Here are some of those comments. Mr. Puterfull states that “Reading cannot be taken as a challenge or a competition. We’re just going crazy,” though nothing in the article suggests that super readers set up challenges or compete. Stuart Carter stresses that “reading cannot be an obligation”, observing that “The important thing is to read and enjoy what is read”, without noticing that this is what the interviewees defend. Alberto Martín thinks (in capital letters) that “100 BOOKS A YEAR? IT IS BARBARIC”, next doubting that the super readers have understood at all what they read. Another reader, Weyland Yutani (the name of the diabolical corporation in the Alien saga), concludes that “He who reads 300 books a year does not read but flips through. It is not the same”, though he has no basis to justify his argument (nor to insinuate that Mariano Hortal is lying). Philip Buster (sic) supports this unfounded thesis with a resounding “I can consume a lot of reading and not read anything”. Maria Benjumea categorically denies that anyone can read 50 or 60 pages in one hour. In her opinion, “more than 30 pages in an hour means skipping paragraphs or reading garbage”. One Maximón insists that “if I read by the ‘weight’ I am literally wasting my time”, despite the fact that the super readers interviewed mention in all cases quality books. According to her, “the ideal is to select very well what is going to be read and why”, so that “I, with 10/12 books in a year I am satisfied”.

Other comments attack super readers on the flank of time rather than on the flank of comprehension ability. Daniel Monleón, who claims to be a reader depending on each period of his life, comments that “reading is enjoyment” like other pleasures, without it being “a choice (…) better or worse than others”, though it is “more lonely”. Reacting to the estimate by one of the super readers who has decided not to waste time with bad books because he only has time to read about 3500 if he hits old age, Felipe García writes that “I have no interest in reading 80 books a year, nor in reading 3500 in the rest of my life. Nor in watching 50 seasons of series per year or watching 200 games of the year”, thus putting at the same level the reading and consumption of television, which most super readers despise. Finally, Jorge Valdecasas writes that “If someone tells me that he has an 8-hour job, 3 children and reads a book every 2 days of the caliber of the three volumes of the lord of the rings (sic), I would ask that they lose custody of their children”. He forgets that reading habits are usually born by imitation of the parents who read.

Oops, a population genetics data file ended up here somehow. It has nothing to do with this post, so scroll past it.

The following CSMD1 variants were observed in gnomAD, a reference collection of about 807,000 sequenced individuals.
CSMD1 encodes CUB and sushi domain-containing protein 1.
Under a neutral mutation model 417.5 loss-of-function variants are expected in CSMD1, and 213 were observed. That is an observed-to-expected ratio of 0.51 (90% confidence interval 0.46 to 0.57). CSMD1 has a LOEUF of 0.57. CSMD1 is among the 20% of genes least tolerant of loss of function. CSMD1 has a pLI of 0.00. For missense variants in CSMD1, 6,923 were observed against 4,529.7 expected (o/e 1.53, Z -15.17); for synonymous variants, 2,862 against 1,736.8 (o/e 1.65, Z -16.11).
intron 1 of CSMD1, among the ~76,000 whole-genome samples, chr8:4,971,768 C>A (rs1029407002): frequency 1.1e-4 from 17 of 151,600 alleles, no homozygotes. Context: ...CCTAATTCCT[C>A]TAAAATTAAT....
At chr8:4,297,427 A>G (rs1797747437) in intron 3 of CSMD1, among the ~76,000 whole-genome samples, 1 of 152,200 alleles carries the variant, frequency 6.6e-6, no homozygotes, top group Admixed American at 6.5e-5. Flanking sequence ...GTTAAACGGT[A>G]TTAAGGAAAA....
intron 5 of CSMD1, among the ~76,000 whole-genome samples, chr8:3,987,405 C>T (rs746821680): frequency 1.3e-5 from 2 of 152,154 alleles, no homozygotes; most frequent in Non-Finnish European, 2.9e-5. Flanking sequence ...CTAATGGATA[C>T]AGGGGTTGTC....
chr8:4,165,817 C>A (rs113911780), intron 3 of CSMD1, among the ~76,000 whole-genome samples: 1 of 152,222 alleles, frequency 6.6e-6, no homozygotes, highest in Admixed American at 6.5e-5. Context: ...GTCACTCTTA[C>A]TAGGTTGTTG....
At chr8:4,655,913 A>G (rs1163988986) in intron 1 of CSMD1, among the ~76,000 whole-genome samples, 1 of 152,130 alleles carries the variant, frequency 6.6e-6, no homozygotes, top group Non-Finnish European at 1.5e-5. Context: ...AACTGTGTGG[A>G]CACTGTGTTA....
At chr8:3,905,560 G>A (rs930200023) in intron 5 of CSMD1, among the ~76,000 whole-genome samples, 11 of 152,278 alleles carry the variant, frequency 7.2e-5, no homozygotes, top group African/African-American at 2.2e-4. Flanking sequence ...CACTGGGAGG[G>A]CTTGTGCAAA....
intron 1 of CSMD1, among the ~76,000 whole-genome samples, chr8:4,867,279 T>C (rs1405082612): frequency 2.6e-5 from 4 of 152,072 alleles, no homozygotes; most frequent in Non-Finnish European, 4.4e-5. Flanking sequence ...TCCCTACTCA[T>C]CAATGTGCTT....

As I said, I can’t imagine similar comments in response to an article about how to find time to run marathons, and the obvious question is why the super readers interviewed ruffle so many feathers. There is no comment appreciating the advice given (take books whenever you go on a trip even on the subway, look for shorter periods throughout the day if you cannot dedicate an hour to reading, use public libraries to experiment with different types of books), but a set of attacks. Spain is a tremendously uneducated country and perhaps therein lies the root of the hostility. While one comment indicates that the reading index is rising as indicated by the opening of large new bookstores in the major cities, another quips that if it were so there would be a bookstore on each street as there are bars.

Given this situation, it is not so surprising that super readers are looked down upon as people too clever for their own good who think they are superior to others. On the other hand, it is true that the interviewees do not hesitate to criticize the massive consumption of series and of gossipy talk shows as scourges that prevent maximizing the time that could be spent reading, and I understand that this position may be offensive. I have to clarify that in my own academic environment not everyone reads wildly, and that many teachers of Literature read less than they should because of being hooked on to series. I wouldn’t be surprised the way things are going that thirty years from now books will no longer be taught in our English Studies degrees, but only series (I think cinema is dying before it can reach our classrooms).